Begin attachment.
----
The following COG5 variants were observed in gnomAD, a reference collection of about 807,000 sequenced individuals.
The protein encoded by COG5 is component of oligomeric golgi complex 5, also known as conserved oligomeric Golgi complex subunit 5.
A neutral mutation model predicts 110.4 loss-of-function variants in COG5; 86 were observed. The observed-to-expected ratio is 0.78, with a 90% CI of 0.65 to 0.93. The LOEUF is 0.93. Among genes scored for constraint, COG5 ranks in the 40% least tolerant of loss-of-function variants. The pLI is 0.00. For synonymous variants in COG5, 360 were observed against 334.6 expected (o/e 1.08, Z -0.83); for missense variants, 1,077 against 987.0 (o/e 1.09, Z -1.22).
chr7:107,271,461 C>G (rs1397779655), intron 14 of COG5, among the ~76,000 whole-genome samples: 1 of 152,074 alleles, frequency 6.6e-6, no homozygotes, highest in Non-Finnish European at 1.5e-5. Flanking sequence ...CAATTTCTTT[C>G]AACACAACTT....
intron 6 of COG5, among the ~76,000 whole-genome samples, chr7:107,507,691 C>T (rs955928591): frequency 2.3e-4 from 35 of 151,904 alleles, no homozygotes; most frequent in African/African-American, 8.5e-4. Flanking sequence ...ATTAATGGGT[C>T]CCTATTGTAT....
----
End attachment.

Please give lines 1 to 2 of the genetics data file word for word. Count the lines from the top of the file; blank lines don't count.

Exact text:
The following COG5 variants were observed in gnomAD, a reference collection of about 807,000 sequenced individuals.
The protein encoded by COG5 is component of oligomeric golgi complex 5, also known as conserved oligomeric Golgi complex subunit 5.